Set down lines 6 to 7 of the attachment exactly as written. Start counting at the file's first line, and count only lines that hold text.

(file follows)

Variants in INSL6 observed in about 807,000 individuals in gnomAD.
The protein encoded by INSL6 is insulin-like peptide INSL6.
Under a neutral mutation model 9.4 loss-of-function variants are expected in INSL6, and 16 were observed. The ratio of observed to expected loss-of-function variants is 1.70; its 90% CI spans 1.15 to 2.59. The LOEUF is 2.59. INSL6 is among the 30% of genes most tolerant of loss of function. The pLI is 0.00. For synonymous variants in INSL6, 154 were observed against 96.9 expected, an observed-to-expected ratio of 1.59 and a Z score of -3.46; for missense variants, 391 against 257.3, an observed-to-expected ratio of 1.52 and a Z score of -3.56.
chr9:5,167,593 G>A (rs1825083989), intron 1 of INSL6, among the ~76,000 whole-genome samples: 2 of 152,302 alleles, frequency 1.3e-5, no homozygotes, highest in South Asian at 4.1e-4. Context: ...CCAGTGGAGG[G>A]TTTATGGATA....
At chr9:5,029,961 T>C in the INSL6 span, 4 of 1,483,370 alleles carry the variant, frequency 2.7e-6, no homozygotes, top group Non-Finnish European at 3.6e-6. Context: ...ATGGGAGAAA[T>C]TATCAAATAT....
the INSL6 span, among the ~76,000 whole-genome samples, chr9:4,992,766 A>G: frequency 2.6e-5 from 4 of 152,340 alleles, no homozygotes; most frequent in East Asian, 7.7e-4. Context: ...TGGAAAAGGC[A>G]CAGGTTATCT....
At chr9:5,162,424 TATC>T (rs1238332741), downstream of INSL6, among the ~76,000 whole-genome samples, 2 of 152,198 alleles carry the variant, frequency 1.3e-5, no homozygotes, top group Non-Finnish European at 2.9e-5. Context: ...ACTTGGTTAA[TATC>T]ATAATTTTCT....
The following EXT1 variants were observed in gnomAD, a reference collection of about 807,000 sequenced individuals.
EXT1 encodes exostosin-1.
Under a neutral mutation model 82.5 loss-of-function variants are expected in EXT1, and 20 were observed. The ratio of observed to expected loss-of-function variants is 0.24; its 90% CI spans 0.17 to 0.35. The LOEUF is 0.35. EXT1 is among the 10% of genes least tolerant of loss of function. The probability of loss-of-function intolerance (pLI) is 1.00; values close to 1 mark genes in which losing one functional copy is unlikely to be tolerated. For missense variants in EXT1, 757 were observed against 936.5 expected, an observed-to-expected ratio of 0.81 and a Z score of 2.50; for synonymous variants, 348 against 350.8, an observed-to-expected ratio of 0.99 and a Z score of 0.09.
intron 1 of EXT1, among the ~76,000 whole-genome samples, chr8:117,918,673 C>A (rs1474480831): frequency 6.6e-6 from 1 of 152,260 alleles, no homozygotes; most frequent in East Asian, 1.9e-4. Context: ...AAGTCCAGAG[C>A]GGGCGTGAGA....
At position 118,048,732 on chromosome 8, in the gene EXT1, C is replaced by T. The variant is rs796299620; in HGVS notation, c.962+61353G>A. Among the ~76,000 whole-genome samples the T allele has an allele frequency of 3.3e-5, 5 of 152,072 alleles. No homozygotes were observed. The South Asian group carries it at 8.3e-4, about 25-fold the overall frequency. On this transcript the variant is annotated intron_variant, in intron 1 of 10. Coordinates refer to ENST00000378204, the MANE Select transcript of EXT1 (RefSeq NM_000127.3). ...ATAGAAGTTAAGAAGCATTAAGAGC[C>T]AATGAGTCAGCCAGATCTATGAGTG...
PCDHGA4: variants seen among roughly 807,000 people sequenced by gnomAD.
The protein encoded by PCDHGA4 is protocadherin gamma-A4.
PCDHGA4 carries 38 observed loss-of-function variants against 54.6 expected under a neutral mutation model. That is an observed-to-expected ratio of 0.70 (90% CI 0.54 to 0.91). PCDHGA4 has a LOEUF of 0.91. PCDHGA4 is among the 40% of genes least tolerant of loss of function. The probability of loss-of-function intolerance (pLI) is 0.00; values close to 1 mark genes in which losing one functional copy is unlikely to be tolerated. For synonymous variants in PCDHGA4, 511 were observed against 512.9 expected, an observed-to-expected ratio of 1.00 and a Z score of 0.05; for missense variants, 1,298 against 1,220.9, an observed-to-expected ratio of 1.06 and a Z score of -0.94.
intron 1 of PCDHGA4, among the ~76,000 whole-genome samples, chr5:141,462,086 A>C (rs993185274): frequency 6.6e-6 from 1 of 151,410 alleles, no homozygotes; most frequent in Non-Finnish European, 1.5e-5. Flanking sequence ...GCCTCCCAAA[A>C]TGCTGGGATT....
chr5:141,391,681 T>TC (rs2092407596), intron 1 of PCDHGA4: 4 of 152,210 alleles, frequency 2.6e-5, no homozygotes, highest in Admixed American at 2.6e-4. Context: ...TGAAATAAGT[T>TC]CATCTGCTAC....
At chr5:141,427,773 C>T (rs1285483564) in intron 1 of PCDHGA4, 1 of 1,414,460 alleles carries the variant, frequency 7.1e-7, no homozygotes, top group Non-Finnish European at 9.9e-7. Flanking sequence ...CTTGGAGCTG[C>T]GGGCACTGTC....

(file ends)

the INSL6 span, among the ~76,000 whole-genome samples, chr9:4,992,766 A>G: frequency 2.6e-5 from 4 of 152,340 alleles, no homozygotes; most frequent in East Asian, 7.7e-4. Context: ...TGGAAAAGGC[A>G]CAGGTTATCT....
At chr9:5,162,424 TATC>T (rs1238332741), downstream of INSL6, among the ~76,000 whole-genome samples, 2 of 152,198 alleles carry the variant, frequency 1.3e-5, no homozygotes, top group Non-Finnish European at 2.9e-5. Context: ...ACTTGGTTAA[TATC>T]ATAATTTTCT....